Superutilization of Child Welfare and Other Services
Reducing the number of children in foster care requires actionable policy and practical solutions. By identifying subpopulations of children and youth who use intensive or frequent services, we might shed light on those who lack the right types of support at critical junctures, live in overly restrictive environments, receive too many ineffective services, or require better and different ways of meeting their needs.
This cross-sector project linked and analyzed administrative data from two sites—the state of Tennessee and a three-county region in Florida including Hillsborough, Pinellas, and Pasco Counties—to identify children and youth who are frequent users of child welfare, Medicaid, and other services; to understand their characteristics and service use; and to find predictive factors of frequent service use.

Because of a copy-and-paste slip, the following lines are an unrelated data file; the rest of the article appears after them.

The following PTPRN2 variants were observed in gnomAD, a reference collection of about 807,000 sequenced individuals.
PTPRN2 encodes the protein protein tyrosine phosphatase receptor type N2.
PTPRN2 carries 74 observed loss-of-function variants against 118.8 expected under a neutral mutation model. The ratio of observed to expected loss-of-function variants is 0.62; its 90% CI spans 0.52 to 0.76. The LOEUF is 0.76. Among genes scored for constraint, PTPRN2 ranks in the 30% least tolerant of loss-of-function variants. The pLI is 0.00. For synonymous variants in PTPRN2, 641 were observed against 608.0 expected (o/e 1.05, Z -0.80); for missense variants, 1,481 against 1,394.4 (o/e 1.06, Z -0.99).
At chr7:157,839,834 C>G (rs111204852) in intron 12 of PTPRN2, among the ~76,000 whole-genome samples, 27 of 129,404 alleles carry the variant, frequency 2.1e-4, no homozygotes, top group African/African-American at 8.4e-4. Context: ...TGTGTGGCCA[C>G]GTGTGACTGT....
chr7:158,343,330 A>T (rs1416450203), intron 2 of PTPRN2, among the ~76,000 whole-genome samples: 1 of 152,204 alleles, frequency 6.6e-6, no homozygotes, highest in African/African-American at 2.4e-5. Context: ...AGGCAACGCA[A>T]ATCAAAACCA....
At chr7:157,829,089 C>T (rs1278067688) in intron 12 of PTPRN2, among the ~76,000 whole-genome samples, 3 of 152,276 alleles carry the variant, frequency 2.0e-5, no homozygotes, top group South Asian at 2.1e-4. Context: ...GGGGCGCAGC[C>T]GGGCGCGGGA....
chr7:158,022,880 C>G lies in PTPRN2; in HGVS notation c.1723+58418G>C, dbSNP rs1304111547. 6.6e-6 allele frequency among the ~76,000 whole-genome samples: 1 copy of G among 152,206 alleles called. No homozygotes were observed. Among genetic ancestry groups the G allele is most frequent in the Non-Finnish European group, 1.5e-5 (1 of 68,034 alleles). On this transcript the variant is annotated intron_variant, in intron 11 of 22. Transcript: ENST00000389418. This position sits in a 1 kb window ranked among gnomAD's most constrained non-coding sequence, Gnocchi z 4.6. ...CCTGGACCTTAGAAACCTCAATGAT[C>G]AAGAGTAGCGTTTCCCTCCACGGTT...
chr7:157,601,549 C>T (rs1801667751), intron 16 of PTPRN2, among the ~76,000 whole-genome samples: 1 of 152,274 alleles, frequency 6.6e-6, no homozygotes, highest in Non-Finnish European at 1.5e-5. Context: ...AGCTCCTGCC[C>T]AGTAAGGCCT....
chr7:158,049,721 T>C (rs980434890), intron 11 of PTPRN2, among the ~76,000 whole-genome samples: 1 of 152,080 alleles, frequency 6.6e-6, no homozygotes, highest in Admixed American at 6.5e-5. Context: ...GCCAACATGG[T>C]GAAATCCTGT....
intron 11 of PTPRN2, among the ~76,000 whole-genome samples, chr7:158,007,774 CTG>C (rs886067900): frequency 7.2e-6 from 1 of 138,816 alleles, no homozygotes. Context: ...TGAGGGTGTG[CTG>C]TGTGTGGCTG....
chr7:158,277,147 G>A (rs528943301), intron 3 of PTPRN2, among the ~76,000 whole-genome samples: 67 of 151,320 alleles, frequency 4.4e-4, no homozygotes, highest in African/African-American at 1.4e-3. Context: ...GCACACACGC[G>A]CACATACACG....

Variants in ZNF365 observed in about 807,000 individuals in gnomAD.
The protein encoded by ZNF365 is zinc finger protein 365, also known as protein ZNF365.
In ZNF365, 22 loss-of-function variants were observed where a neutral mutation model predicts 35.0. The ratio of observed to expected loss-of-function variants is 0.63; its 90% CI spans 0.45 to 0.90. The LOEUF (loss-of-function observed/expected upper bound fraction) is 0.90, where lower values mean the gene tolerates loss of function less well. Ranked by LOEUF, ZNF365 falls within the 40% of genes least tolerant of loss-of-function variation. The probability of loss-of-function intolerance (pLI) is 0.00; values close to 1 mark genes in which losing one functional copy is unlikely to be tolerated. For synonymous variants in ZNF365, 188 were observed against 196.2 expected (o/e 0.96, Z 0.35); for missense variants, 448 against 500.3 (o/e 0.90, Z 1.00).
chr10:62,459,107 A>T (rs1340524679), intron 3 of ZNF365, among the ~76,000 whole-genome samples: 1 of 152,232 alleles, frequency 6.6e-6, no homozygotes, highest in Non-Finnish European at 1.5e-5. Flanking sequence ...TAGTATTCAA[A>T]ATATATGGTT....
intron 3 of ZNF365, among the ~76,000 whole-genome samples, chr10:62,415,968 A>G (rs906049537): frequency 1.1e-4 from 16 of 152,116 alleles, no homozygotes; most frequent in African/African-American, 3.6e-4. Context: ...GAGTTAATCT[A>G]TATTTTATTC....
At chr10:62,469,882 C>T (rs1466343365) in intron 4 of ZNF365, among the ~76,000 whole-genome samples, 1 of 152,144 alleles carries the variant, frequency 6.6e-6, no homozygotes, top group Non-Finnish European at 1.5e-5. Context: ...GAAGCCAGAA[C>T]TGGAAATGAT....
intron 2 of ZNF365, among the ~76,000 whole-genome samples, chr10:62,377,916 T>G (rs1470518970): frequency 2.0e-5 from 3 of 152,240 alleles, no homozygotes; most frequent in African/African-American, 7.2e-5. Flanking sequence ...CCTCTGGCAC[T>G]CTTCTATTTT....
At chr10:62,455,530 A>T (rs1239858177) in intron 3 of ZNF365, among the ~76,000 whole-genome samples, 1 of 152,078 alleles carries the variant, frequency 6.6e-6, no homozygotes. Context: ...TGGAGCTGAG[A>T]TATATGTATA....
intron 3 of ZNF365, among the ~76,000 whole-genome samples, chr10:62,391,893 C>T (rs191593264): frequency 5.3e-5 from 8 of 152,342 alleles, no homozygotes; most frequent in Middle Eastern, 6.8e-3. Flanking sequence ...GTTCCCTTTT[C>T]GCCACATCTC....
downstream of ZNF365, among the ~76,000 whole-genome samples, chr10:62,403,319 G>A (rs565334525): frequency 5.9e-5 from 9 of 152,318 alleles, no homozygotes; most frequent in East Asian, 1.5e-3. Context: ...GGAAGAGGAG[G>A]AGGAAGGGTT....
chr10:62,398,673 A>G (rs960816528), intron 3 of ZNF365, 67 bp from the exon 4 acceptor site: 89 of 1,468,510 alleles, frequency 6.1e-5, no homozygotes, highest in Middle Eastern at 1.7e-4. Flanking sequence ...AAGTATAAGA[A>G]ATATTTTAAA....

- Help child welfare, Medicaid, and other service agencies achieve better outcomes for youth and families by providing more tailored and effective services
- Use findings to demonstrate the need for service coordination across systems to identify better strategies to serve children in foster care
- Demonstrate how savings could be realized if more effective services are provided earlier and coordinated across systems
- Demonstrate the value of conducting cross-sector research using existing data
- What is superutilization of child welfare and other services? What are the distinguishing characteristics of children who experience superutilization of child welfare and other services?
- Are there different types of superutilization? Specifically, are there types of superutilization based on frequency, duration, intensity, or cost of services?
- What characteristics of children at the time of child welfare involvement—specifically at the time of entry into out-of-home care—predict superutilization?
Mathematica Policy Research conducted the study in partnership with Casey Family Programs and our site partners, including the Tennessee Department of Children’s Services, TennCare, the Florida Department of Children and Families, the Florida Agency for Healthcare Administration, and Eckerd Kids.